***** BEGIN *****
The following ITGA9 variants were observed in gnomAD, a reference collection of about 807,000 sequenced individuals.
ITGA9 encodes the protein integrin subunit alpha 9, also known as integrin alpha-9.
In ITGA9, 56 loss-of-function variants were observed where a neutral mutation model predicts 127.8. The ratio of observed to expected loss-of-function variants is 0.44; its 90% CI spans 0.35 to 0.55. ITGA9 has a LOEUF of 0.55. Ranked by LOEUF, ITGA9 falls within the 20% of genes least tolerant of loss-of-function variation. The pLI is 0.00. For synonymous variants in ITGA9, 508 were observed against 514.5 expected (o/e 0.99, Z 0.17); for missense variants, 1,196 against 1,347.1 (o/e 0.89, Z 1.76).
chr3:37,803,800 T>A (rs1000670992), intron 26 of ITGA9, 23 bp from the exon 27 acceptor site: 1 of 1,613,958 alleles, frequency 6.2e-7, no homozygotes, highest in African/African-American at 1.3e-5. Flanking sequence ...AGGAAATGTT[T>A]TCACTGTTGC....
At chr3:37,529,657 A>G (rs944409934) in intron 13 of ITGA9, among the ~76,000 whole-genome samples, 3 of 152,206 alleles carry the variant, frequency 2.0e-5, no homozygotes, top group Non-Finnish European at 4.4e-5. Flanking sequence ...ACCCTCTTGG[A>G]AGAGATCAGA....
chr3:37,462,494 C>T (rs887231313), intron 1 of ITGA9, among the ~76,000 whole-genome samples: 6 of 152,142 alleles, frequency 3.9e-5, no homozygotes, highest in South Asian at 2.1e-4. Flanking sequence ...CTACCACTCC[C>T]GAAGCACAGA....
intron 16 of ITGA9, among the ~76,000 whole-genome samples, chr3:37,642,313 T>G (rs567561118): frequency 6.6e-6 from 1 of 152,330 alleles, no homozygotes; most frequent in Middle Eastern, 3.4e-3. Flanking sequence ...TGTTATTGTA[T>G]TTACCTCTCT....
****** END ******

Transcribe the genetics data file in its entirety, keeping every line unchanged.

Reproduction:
The following ITGA9 variants were observed in gnomAD, a reference collection of about 807,000 sequenced individuals.
ITGA9 encodes the protein integrin subunit alpha 9, also known as integrin alpha-9.
In ITGA9, 56 loss-of-function variants were observed where a neutral mutation model predicts 127.8. The ratio of observed to expected loss-of-function variants is 0.44; its 90% CI spans 0.35 to 0.55. ITGA9 has a LOEUF of 0.55. Ranked by LOEUF, ITGA9 falls within the 20% of genes least tolerant of loss-of-function variation. The pLI is 0.00. For synonymous variants in ITGA9, 508 were observed against 514.5 expected (o/e 0.99, Z 0.17); for missense variants, 1,196 against 1,347.1 (o/e 0.89, Z 1.76).
chr3:37,803,800 T>A (rs1000670992), intron 26 of ITGA9, 23 bp from the exon 27 acceptor site: 1 of 1,613,958 alleles, frequency 6.2e-7, no homozygotes, highest in African/African-American at 1.3e-5. Flanking sequence ...AGGAAATGTT[T>A]TCACTGTTGC....
At chr3:37,529,657 A>G (rs944409934) in intron 13 of ITGA9, among the ~76,000 whole-genome samples, 3 of 152,206 alleles carry the variant, frequency 2.0e-5, no homozygotes, top group Non-Finnish European at 4.4e-5. Flanking sequence ...ACCCTCTTGG[A>G]AGAGATCAGA....
chr3:37,462,494 C>T (rs887231313), intron 1 of ITGA9, among the ~76,000 whole-genome samples: 6 of 152,142 alleles, frequency 3.9e-5, no homozygotes, highest in South Asian at 2.1e-4. Flanking sequence ...CTACCACTCC[C>T]GAAGCACAGA....
intron 16 of ITGA9, among the ~76,000 whole-genome samples, chr3:37,642,313 T>G (rs567561118): frequency 6.6e-6 from 1 of 152,330 alleles, no homozygotes; most frequent in Middle Eastern, 3.4e-3. Flanking sequence ...TGTTATTGTA[T>G]TTACCTCTCT....